Get Outside and Go Bug Collecting!

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Exploring the wild doesn’t need to involve a safari to a far off place. You can discover all kinds of amazing creatures right in your own backyard! Insects are the most diverse group of animal species on the planet; it’s estimated that there are at least over one million different kinds of insects yet to be discovered by scientists! In some tropical places like the Amazon rainforest a single tree can have up to 10,000 different kinds of insects – in a single tree! Get to know some of this incredible insect diversity by setting off on a bugtastic adventure.

bug biodiversity

Get Ready!

The first thing you’ll need to go bug collecting is a tool kit. You can buy one or customize your own by finding or making the items. Here’s what’s in our bug kit:
Caterpillar through Magnifying Glass

  • Net: For catching flying insects like butterflies you can either buy one or try making one.
  • Notebook: Grab a paper and pen or pencils to describe and draw pictures of the insects you find.
  • Camera: Taking a picture of an insect is a great way to ‘keep’ a piece of them forever without harming them.
  • Flashlight: If you are going out bug collecting at night remember to bring a flashlight.
  • Container: Different sized empty and clean plastic containers make great temporary homes for insects … but remember to put holes in the containers so the little critters can breathe. You can also make the container more insect-friendly by adding some leaves and twigs from around the area where you found the bug.
  • Magnifying glass: A magnifying glass will help you spot those tiny bugs while on your bugtastic adventure.
  • Field guide: Look online, the library or your local book store for a bug identification guide that will help you figure out who is who. You might try Bug Facts or San Diego Zoo . Before you head out look up what bugs live in your area and take note of any insects that you shouldn’t touch. Remember to stay away from stinging bugs like bees and wasps.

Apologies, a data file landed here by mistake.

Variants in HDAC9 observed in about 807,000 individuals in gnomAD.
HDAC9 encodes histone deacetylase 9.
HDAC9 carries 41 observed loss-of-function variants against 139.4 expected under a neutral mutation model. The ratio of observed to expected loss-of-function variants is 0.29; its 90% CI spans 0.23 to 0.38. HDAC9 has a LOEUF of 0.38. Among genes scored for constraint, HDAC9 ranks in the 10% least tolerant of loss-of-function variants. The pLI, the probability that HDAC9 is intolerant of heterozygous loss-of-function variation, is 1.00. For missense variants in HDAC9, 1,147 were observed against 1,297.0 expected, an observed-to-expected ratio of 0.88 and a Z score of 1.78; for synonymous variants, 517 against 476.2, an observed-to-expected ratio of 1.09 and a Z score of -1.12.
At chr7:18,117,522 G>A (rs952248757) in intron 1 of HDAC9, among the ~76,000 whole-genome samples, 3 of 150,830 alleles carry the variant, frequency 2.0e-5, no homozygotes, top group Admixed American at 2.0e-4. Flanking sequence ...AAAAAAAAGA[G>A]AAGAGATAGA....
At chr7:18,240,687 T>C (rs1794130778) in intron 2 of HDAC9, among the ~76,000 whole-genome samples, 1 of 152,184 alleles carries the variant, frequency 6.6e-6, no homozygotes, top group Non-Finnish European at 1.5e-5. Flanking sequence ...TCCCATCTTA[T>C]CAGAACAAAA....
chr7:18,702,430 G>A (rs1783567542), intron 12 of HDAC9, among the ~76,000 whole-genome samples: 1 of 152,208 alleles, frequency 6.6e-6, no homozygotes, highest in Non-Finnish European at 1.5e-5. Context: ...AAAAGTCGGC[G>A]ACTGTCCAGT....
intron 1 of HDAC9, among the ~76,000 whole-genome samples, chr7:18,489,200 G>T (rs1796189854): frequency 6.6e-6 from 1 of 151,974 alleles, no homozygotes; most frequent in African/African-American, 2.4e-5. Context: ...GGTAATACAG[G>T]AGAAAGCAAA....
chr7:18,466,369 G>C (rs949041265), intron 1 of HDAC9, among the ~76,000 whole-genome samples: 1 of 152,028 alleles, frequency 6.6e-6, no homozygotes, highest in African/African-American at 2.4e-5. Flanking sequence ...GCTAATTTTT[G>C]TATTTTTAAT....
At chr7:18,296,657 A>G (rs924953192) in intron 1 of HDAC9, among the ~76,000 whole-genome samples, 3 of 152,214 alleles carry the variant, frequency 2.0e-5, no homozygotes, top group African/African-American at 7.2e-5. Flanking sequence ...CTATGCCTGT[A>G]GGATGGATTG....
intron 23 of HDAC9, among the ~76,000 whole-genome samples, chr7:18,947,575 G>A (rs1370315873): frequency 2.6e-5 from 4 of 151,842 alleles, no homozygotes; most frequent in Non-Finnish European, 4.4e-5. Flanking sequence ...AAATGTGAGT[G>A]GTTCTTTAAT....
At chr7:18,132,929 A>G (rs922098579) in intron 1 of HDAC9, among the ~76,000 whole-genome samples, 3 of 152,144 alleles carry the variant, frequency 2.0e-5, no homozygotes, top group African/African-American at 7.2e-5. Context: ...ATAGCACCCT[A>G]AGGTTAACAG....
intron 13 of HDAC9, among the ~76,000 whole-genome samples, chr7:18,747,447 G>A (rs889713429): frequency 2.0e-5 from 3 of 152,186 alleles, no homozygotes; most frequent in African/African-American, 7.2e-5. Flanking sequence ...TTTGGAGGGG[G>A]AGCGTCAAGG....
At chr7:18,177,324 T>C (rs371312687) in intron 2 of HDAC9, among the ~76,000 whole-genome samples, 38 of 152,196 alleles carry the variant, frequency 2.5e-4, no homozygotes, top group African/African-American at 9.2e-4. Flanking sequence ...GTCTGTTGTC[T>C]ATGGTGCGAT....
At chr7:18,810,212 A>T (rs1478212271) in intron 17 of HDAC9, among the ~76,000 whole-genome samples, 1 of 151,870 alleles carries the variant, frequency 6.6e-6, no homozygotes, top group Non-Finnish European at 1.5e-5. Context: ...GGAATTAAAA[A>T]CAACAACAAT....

Get Set!

Pick some locations that would be fun and safe for searching for insects. Think about where you might find species like beetles, butterflies or caterpillars, grasshoppers, dragonflies and ants. Areas that are great insect hangouts include:

  •  Under rotting logs or leaves
  • The underside of a leaf
  • Among flowers
  • On trees
  • In brush beside a river or pond
  • In the grass
  • In your own insect habitat, bring the bugs to you by planting a butterfly garden

Get Buggie!

Girl Examining Stick Insects In Jar

Now that you have your bug collecting kit in hand and your local hot spots picked, it’s time to find some insects! Once you have spotted a bug use the magnifying glass, camera and notepad to watch, track and discover all kinds of interesting things about it. If you are worried the bug will jump, fly or crawl away before you can get a good look, use the net to gently put the bug into your container (remember to put air holes in the container). Watch the bug and take note of how it moves, what colour it is, what does its body look like, does it have wings, how many legs does it have, are they eating, if so, what? Use your field guide to help you identify the species or write down some fun facts about them, draw a picture or take a snapshot with your camera.

Once you’ve had a few moments to observe your bug, release it back where you found it so the little guy can continue on its way. Bugs may look like they’re just sitting or flying around but they are always doing something important so it is best to not keep it in your container for longer than a few minutes. To keep a memory of them forever take your drawing or photograph and write on it what you discovered about the insect. You can hang these bug profiles up in your room, or even make a scrapbook. Check out one of our bug profiles of an insect we found near the Earth Rangers Centre.

My Bug Profile

grasshopper

 

Name: Grasshopper

Nickname: Gerbert the Jumping Greenie

Colour: Green

Where I found it: By the edge of the pond on a big leaf

Description: I only got a quick look at this grasshopper before it hopped away! For his size this bug can jump really high and far.

 
 

Leave a comment to share what bugs you’ve discovered!

 

Earth Rangers is a non-profit organization that works to inspire and educate children about the environment. At EarthRangers.com kids can play games, discover amazing facts, meet animal ambassadors and fundraise to protect biodiversity.

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